Economists think about jobs in a seemingly counterintuitive way. While noneconomists see job creation as a primary goal, economists view labor as a scarce resource to be conserved. This leads to differences of perspective on everything from government incentives to businesses to the impact of automation, including artificial intelligence (AI).
To understand the economic perspective, think about all the various things you want in life. A house or apartment to live in, food to eat, clothes to wear, and things to do for enjoyment.
These things require tasks to be done.
Houses must be built, clothes made, and food grown, transported, and prepared. Someone must do these tasks, and you must pay for those done by others. Consequently, working to earn money to pay others is itself an important task.
Your “to do” list quickly becomes overwhelming since there are only 24 hours in a day. This is scarcity, which means our wants and desires exceed our ability to satisfy them. Winning the Powerball jackpot will not solve these problems, since consumption takes time. Even if cost is not an issue, you will never eat in all the world’s restaurants.
Automating one or several tasks clearly improves life. Robot vacuums, riding lawn mowers, and clothes washers and dryers save time. They make life better provided that earning the money to buy them does not take more time than they save.
Further automation makes us even better off. A self-driving lawn mower is better than a riding mower and a self-driving mower for $50 is better.
We also benefit from automating the tasks others do for us. A sewing machine leads a tailor to sell us clothes for less. The logic applies down the line. If a restaurant pays less for food because of labor saving agricultural innovations, they will charge less for meals.
Time is the ultimate scarce resource. The best measures of cost of living over time convert prices into the work time required for purchase. HumanProgress.org calculates, for example, that a Frigidaire refrigerator cost 218 hours of work in 1956 versus 17 hours in 2022.
Our biggest economic challenge is getting the most productive work possible out of the available labor. Not just doing tasks quickly but prioritizing the most important ones. The labor market performs this through wages and salaries. A business unable to perform tasks quickly, say a lawn maintenance company not using riding mowers, will have high costs and be unprofitable. A worker’s earnings are the market’s admonishment to only use scarce labor only for sufficiently valuable tasks.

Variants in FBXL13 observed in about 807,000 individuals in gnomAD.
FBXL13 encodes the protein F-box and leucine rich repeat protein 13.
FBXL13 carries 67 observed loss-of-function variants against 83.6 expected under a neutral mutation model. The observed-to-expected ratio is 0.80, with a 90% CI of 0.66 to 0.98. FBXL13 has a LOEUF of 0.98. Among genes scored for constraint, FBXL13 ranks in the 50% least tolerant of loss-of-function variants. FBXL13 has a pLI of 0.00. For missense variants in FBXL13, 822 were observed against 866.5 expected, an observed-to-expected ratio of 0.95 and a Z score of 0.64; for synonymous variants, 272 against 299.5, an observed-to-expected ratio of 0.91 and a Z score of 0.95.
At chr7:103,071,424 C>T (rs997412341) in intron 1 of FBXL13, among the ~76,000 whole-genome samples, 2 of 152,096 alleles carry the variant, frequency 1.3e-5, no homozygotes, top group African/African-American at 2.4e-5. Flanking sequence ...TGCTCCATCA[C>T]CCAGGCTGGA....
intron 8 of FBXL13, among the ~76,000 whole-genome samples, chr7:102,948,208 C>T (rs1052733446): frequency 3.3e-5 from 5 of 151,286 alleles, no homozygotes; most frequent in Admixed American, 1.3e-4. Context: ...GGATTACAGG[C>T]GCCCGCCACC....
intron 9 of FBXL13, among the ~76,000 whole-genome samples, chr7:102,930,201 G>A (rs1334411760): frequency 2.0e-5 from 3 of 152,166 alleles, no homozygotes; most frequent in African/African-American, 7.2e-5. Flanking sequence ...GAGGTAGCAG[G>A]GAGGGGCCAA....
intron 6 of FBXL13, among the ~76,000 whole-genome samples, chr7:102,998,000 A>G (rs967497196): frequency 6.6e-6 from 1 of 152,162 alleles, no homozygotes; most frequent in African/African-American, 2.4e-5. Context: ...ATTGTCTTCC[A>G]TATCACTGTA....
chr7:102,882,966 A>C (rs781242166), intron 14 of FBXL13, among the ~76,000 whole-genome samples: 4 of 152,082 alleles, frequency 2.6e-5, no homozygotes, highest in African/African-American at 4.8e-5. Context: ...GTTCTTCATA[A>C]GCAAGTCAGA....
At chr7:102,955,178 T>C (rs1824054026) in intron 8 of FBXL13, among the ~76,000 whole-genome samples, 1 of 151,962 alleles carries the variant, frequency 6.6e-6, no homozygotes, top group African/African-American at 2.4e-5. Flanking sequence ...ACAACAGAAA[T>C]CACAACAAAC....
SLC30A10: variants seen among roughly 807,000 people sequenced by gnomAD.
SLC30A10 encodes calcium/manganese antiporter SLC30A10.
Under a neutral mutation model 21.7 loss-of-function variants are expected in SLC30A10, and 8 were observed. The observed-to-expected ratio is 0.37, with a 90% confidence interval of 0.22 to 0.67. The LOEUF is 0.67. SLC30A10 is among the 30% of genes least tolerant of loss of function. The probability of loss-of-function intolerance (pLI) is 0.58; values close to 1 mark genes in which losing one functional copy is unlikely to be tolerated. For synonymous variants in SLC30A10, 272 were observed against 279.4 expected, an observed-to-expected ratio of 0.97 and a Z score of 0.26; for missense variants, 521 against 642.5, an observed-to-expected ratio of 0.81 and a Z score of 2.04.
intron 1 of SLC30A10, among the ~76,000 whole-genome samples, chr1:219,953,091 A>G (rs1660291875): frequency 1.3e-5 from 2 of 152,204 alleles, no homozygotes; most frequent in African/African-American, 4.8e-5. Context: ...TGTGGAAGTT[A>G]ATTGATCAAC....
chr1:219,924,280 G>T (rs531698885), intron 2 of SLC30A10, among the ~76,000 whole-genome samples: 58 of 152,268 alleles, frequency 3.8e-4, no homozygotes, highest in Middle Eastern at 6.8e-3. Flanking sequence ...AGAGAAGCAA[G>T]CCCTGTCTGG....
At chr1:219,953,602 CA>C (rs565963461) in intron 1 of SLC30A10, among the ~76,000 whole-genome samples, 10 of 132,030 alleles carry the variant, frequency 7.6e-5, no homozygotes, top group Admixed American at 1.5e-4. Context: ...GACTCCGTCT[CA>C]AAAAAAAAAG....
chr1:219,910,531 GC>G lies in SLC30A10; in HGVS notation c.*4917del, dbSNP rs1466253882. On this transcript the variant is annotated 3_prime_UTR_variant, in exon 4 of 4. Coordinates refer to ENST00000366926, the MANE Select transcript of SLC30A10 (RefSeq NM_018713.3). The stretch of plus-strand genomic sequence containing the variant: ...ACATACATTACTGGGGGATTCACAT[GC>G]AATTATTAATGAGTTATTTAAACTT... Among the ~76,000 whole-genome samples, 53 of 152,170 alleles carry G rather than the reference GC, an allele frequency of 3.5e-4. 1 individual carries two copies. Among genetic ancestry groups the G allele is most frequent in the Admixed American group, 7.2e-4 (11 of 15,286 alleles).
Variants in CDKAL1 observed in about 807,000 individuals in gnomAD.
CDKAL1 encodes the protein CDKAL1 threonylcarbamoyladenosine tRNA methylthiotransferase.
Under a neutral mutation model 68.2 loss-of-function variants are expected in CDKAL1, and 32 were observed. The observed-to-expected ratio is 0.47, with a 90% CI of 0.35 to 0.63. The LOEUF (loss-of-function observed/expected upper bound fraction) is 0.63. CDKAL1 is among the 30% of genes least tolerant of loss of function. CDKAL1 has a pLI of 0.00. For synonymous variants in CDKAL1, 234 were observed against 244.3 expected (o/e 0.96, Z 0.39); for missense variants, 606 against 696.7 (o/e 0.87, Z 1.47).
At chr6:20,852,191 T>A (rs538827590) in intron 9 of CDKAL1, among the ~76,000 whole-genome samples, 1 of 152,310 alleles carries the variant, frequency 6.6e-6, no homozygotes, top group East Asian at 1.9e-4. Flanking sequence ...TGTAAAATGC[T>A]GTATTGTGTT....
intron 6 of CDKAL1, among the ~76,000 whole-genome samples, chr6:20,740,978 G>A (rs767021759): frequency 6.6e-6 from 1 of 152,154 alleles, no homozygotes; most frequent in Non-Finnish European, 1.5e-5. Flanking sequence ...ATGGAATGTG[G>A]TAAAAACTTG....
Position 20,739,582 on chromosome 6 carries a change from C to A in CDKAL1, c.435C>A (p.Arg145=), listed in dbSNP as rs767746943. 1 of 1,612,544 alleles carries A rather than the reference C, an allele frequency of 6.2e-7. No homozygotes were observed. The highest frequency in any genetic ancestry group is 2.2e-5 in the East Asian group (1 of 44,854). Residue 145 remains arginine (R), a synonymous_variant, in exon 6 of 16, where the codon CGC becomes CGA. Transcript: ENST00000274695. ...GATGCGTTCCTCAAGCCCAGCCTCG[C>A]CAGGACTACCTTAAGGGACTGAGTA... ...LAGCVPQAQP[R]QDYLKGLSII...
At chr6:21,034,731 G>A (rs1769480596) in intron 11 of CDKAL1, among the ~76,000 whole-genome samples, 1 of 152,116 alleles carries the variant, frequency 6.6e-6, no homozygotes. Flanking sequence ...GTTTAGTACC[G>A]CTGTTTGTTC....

The more intuitive view celebrates job creation and mourns business closures. This view emerges from how we as employees experience the labor market. An economy based on specialization and the division of labor offers unprecedented prosperity but requires us to trade with others, and by implication that we work for a living.
We respond by specializing, that is, finding a task that others will pay for and learning to do this task well. We typically select jobs relying on our talents and abilities.
Increasingly we can find tasks we enjoy doing, making work not seem like work. A market economy offers no guarantees of employment. Automation, or what economist Joseph Schumpeter called creative destruction, can always render our job market skills obsolete. We fear our skills no longer being in demand. Research not surprisingly documents the significant, adverse health and mental health impacts of unemployment.
The two perspectives on jobs lead to contrasting interpretations of events, like the automation of tasks by AI. From the scarcity perspective this improves life – we can
get more tasks done. But the automated tasks provided jobs people had honed their
skills to perform.
AI and creative destruction involve a fundamental tradeoff between the economies of yesterday and tomorrow. We will never accomplish all our tasks, but it can be difficult to foresee how the tasks automation lets us perform will translate into good paying jobs.
Daniel Sutter is the Charles G. Koch Professor of Economics with the Manuel H.
Johnson Center for Political Economy at Troy University and host of Econversations on TrojanVision. The opinions expressed in this column are the author’s and do not necessarily reflect the views of Troy University.